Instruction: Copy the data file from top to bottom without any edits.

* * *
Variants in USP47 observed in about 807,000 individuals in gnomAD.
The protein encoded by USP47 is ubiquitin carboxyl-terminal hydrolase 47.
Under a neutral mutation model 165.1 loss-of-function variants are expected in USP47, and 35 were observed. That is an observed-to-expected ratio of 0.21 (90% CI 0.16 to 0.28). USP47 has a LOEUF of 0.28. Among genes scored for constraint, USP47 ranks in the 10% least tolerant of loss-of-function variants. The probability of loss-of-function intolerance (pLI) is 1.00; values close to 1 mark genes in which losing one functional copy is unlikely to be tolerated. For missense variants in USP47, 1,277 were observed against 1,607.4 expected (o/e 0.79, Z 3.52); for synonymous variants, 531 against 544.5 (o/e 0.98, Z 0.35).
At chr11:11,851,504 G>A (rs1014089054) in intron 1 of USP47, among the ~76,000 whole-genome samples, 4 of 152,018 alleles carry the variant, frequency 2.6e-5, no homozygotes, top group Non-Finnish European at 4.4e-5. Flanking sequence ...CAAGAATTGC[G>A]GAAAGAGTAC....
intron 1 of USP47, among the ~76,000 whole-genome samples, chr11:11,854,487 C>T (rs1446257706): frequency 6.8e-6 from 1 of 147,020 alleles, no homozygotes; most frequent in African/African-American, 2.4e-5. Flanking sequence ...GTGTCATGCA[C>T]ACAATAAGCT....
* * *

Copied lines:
Variants in USP47 observed in about 807,000 individuals in gnomAD.
The protein encoded by USP47 is ubiquitin carboxyl-terminal hydrolase 47.
Under a neutral mutation model 165.1 loss-of-function variants are expected in USP47, and 35 were observed. That is an observed-to-expected ratio of 0.21 (90% CI 0.16 to 0.28). USP47 has a LOEUF of 0.28. Among genes scored for constraint, USP47 ranks in the 10% least tolerant of loss-of-function variants. The probability of loss-of-function intolerance (pLI) is 1.00; values close to 1 mark genes in which losing one functional copy is unlikely to be tolerated. For missense variants in USP47, 1,277 were observed against 1,607.4 expected (o/e 0.79, Z 3.52); for synonymous variants, 531 against 544.5 (o/e 0.98, Z 0.35).
At chr11:11,851,504 G>A (rs1014089054) in intron 1 of USP47, among the ~76,000 whole-genome samples, 4 of 152,018 alleles carry the variant, frequency 2.6e-5, no homozygotes, top group Non-Finnish European at 4.4e-5. Flanking sequence ...CAAGAATTGC[G>A]GAAAGAGTAC....
intron 1 of USP47, among the ~76,000 whole-genome samples, chr11:11,854,487 C>T (rs1446257706): frequency 6.8e-6 from 1 of 147,020 alleles, no homozygotes; most frequent in African/African-American, 2.4e-5. Flanking sequence ...GTGTCATGCA[C>T]ACAATAAGCT....